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Cover image via LDS.org.
We’ve all heard that familiar saying, “the family that prays together, stays together.” How does the nature and experience of family prayer create strong families? What can we learn from families that pray together? To understand this aspect of family life, from our National Study on Strong Religious Families, we conducted a study exploring how family prayer influenced family relationships. We reported our findings in a recently-published article in the Journal of Family Psychology.
From a family and social science perspective, we observed that family prayer was not only a religious practice – a time and space for worshipping god and remembering promises, but also a relational practice – a time of togetherness and a space for expressing love and concern to one another.
|Sacred Time & Sacred Space||Worshiping God & Remembering Promises||Talking Together, Expressing, & Receiving Support|
Family prayer as a time of togetherness
Our participants reported that family prayer was a time of togetherness and provided opportunties for talking with each other:
It’s a lot like family time, like when you say grace with everybody . . .That time is time that you set aside to spend with your family . . . It’s the time when we just kind of sit back and really take a break from what you are doing in your busy schedule. (James, 18-year-old Catholic son)
We are all at home, and we are able to stop and do prayer together. It is something we do as a family. You are worshiping as a family and [it] gives everybody times to stop and at least interact with each other afterward . . . To me it is heart-warming because we are all there, we are worshiping God . . . After prayer, everybody still sit[s] for a little bit and talk[s] to each other and play[s] and everything. So, to me it is good. It seems like a family time. (Pakeezah, Muslim mother)
Family practices . . . one of the most important [is family prayer]. I have discovered this as the kids got older: that family prayer was not just a prayer. It was because you all come together and they all have something to say, and sometimes you’d end up talking and laughing so much that you would have to [say], “Okay let’s have prayer.” I think it was just a very communicative time. (Irene, Latter-day Saint mother)
We [pray] as a family. Especially after prayer . . . the whole housesettle[s] down. There is no TV, there is no Internet . . . There is pureness of communication there, and it comes straight from the heart. You know, you just cannot get that any other way and especially close with the children. (Yameen, Muslim father)
We pray five times a day, so, this is a, I call it, the central activity for our daily life. We start our day in the morning with a prayer, we pray all during the day, and there’s one in the evening time. So, this is it. This gets us out of the usual norm. With the kids, “Let’s quit the TV and pray, and you go back to the TV later.” (Hakim, Muslim father)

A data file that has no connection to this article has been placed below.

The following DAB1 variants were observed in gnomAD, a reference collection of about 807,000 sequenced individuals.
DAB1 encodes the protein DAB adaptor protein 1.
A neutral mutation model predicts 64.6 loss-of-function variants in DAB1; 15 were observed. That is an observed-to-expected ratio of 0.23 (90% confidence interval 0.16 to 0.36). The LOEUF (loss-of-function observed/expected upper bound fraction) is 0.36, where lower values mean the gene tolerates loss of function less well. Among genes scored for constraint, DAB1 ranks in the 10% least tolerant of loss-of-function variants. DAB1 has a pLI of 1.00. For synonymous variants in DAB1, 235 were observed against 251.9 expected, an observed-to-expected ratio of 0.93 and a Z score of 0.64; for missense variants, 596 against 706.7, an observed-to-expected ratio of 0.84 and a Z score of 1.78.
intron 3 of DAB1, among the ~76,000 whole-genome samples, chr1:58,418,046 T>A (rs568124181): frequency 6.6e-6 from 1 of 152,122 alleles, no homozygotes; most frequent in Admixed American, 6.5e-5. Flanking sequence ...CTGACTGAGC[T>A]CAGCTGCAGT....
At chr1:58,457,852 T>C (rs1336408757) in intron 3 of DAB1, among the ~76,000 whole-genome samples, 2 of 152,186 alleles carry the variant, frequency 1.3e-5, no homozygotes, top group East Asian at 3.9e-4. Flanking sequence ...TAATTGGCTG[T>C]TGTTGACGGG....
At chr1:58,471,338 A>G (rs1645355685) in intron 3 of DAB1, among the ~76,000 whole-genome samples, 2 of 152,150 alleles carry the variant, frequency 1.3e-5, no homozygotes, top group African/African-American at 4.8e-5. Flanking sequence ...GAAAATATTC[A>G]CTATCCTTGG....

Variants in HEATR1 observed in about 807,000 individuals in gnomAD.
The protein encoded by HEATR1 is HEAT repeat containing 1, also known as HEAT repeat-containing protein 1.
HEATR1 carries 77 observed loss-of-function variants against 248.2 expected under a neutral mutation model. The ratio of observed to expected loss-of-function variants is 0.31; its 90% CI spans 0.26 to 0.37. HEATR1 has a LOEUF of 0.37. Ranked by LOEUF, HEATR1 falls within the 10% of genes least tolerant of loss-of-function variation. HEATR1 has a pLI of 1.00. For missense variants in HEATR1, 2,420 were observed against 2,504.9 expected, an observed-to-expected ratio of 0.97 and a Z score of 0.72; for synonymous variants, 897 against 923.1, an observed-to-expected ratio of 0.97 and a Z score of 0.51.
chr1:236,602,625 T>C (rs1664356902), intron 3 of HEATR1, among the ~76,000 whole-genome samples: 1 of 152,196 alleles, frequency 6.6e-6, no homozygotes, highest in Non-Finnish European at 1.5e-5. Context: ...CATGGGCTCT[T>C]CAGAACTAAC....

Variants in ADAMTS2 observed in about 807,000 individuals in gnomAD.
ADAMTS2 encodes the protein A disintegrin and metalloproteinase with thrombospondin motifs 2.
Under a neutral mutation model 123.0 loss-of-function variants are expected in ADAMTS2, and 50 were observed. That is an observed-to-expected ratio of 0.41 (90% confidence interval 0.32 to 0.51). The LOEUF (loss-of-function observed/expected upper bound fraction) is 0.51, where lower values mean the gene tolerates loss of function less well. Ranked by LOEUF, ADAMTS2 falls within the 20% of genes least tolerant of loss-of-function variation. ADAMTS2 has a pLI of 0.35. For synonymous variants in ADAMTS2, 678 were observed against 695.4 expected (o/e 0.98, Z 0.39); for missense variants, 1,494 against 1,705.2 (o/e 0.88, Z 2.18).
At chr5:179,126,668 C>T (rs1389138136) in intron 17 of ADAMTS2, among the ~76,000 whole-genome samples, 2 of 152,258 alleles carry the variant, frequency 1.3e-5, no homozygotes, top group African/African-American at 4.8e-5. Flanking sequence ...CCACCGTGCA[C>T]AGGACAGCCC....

It is a chance to breathe, to relax . . . We’ve had a busy week and here’s our time to be together, and we always take a deep breath before we do this and let all the thoughts, craziness, and worries, and everything slip away, and we say the blessing. (Gabriella, Jewish mother)
Family prayer is one of those rare family happenings that require intentional disconnection from other cares of the world, and intentional connection with family members and with God. These families indicated that family prayer was a time of worship as well as a time of interaction. By removing distractions, getting “out of the usual norm,” and setting aside time, families made intentional efforts to prioritize and be available for family prayer. Doing so reportedly made this a special time of family togetherness that stood out from the rest of the day. Many participants also mentioned family prayer occurred naturally in the context of other family routines such as mealtimes, bedtimes, and family traditions such as special occasions and religious holidays, along with times of special need.
Families today deal with challenges of “making more time for family” which may almost always seem insufficient. Even with this special time available, sometimes families struggle with distractions from devices – a phenomenon known as technoference – that can affect family conversations. At its best, technology connects us across oceans and minimizes distance and loved ones are easily available to communicate. At its worst, the wide array of technological connections can entangle us and create a false sense of urgency and consume our attention. Of course, moderation in all things and practicing digital hygiene can help technology be a good servant and not an evil master.
Emphasizing the importance of regular family prayer, President Hinckley said: “I know of no single practice that will have a more salutary effect upon your lives than the practice of kneeling together as you begin and close each day. Somehow the little storms that seem to afflict every marriage are dissipated when, kneeling before the Lord, you thank him for one another, in the presence of one another, and then together invoke his blessings upon your lives, your home, your loved ones, and your dreams.”16
Family Prayer as a Space for Social Support
Family members talked about their problems before, during, or after family prayer. This special space was an important part of family living. Couples, children, and siblings found such a time to draw support and strength from each other.
Two Lutheran siblings, Mindy (15) and Natalie (20), reported how they received support through family prayer.
I mean, anytime we have a problem, siblings or just a problem outside [in] the world, we come home and we [are] like, “I can’t take it anymore, this is too hard”. . . and always be ending up with, “Well what does the Bible say about it?”. . . then it goes to prayer. We always go back to prayer . . . and it’s always been that way . . . I mean it is just like a . . . security blanket knowing that you have your family behind you and God behind you and you can go back and you can have your parents and your siblings be able to sit down and pray for you, ask for help. It’s an awesome experience. (Mindy)
It’s a serenity thing. Like she said, a security blanket. A comfort to know that I can always come home and pray about things. And I know that there’s lots of times I call home, too, from school, [and I’m] like, “Okay just pray for me today.” And just knowing they’re supporting to me and going to God, it’s kind of a cool connection. (Natalie)